BY JOHN ROHDE
Special to SoonerSports.com
Dec. 17, 2017
Amazingly enough, Saturday’s 91-83 victory over No. 3 Wichita State is the highest-ranked non-conference team Oklahoma has ever beaten on the road in men’s basketball.
Paired with their 85-83 victory over No. 25 USC at Staples Center eight days earlier, it also marked the Sooners’ second straight “road” victory over a ranked opponent (the USC game was technically neutral site, despite being played two miles from the Trojans’ campus).
How did the victors celebrate their shocking triumph over the Shockers? By renting a movie from Redbox for the bus ride back to Norman.
From the sound of things, it was a pretty mellow 177-mile trek back to Norman. The team maintained its composure, just as it did in front of a crazed gathering of 15,004 fans at INTRUST Bank Arena, an off-campus arena in downtown Wichita.
Once again, OU was led by true freshman point guard Trae Young, who was joined by fellow true freshman forward Brady Manek. The prize rookies combined for 50 points (37 in the first half) and nine 3-pointers.
A five-star recruit out of Norman North High School, Young is the nation’s leading scorer (28.8) and ranks third nationally in assists (8.9). He finished with 29 points and 10 assists and has now scored at least 28 points in seven straight games. Young erupted for 16 points on 6-of-9 shooting in the first nine minutes of the contest.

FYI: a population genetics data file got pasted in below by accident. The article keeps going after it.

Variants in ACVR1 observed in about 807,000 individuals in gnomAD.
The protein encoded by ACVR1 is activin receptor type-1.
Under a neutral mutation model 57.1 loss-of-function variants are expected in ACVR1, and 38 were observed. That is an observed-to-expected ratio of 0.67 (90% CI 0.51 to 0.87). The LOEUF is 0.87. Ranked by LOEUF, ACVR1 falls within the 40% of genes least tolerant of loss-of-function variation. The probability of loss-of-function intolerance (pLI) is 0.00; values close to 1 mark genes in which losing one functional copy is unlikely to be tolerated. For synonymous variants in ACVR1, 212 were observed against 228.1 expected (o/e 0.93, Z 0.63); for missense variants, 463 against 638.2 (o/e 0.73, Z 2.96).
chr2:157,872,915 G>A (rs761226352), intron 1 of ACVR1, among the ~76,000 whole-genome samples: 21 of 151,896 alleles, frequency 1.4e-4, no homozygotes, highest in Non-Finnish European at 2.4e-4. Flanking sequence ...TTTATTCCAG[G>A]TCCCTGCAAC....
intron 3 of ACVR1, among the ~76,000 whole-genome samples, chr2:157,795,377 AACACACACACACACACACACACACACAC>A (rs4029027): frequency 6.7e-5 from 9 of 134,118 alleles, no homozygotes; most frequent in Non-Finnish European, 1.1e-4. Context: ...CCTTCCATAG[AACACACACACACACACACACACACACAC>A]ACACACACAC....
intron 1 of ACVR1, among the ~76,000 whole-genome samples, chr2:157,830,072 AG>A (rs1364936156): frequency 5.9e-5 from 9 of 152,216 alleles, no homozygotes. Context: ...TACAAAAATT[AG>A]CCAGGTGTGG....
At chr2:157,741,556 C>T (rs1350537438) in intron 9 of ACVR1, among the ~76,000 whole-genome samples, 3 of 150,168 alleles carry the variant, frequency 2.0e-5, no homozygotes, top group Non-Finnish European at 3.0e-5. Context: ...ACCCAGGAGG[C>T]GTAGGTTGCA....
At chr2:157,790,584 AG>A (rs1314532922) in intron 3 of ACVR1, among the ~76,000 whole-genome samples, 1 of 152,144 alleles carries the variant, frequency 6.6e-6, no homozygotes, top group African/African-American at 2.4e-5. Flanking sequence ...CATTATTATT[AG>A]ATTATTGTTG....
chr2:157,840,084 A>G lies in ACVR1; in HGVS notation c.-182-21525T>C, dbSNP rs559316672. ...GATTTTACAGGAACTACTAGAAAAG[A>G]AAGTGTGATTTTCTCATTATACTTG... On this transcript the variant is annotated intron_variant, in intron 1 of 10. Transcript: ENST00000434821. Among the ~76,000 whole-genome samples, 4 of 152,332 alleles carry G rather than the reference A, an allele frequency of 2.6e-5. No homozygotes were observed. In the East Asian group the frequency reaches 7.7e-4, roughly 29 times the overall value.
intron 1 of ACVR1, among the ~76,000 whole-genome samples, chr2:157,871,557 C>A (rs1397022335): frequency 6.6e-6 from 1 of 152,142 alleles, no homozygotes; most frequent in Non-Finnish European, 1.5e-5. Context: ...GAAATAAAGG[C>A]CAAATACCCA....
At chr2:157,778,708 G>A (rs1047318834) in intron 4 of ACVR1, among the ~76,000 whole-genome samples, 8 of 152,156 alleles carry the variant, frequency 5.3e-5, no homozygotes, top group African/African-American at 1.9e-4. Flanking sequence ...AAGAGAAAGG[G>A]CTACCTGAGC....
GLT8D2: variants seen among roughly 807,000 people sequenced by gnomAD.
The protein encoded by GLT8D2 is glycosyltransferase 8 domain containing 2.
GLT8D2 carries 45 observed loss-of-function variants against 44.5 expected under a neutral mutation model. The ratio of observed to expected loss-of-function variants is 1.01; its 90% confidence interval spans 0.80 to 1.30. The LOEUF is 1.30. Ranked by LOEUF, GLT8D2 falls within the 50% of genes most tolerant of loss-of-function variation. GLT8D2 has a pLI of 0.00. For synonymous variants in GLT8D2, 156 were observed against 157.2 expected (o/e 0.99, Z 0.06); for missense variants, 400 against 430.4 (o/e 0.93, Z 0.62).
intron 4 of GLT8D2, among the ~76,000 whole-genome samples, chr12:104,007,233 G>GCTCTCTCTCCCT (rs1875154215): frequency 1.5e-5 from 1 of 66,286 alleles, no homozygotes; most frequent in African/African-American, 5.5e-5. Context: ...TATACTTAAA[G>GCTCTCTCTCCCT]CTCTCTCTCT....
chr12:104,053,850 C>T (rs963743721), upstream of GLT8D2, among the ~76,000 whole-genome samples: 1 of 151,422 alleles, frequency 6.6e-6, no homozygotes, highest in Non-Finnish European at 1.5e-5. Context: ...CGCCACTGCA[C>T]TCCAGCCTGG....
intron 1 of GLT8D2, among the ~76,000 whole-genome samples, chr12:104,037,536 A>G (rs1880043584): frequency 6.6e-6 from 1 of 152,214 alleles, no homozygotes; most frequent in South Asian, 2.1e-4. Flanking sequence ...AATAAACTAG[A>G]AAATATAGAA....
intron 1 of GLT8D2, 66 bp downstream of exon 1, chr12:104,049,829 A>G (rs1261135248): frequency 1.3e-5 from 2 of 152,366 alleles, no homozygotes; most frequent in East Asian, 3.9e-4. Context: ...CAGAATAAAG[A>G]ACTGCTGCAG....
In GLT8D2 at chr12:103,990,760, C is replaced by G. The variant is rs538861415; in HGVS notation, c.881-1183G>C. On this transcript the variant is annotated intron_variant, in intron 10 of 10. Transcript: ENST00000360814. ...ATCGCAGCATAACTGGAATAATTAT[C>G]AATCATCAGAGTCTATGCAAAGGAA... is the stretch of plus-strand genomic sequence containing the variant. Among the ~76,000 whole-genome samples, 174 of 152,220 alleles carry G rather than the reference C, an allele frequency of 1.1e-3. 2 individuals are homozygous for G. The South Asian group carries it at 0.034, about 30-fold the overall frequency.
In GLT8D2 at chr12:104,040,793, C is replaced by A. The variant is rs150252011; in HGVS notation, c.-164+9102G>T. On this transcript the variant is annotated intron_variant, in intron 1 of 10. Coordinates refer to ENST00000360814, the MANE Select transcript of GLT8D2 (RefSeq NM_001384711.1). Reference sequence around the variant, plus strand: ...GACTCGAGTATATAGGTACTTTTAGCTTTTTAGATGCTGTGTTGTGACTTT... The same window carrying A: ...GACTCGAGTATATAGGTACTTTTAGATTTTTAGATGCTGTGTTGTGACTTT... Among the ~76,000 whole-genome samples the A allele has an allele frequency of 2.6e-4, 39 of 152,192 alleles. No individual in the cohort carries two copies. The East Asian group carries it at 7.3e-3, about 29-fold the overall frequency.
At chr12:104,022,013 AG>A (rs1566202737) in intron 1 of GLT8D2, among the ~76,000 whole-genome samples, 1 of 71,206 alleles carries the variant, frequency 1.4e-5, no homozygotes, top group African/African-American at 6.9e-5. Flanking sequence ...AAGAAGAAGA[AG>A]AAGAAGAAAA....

Saturday was simply more of the same from the 19-year-old Young, the early frontrunner for national freshman of the year and potentially player of the year.
“Statistically, it’s really off the charts, given what anybody else has ever done – especially through their first nine games,” Sooners head coach Lon Kruger said of Young. “I think he’ll keep getting better, though, making better decisions and even better plays. It’s hard to say whether he’ll improve on the numbers. He’s just done a remarkable job given how many times he has the ball in his hands. … The biggest thing is he lets everyone else do what they’re most comfortable doing.”
Wichita State coach Gregg Marshall heaped praise on Young. “I haven’t coached against a freshman that plays the game at that level,” Marshall said afterward. “Hedging, switching. We tried everything against him. Trae Young is not going to get rattled. He is too good.”
Young’s continued excellence comes as no surprise to teammates.
“It took me a couple of games, but I realize I’m witnessing one of the greatest Oklahoma basketball players of all-time (in Young),” said OU sophomore guard Kameron McGusty, who poured in 13 points and three 3-pointers in just 16 minutes Saturday. “The way he shoots it, the way he gets to the cup, the way he passes it and blows by everybody, it’s just crazy. He’s going to go down as a legend here. It’s a blessing to play with him and to witness it with my own two eyes.”
Having played against Young since elementary school, Manek is more familiar with Young’s skills than anyone on the roster.
“I’m not surprised by what he’s doing,” Manek said. “I’ve seen him play all through high school. He’s unbelievable. I’ve seen him break five-man presses by himself. No, I’m not surprised.”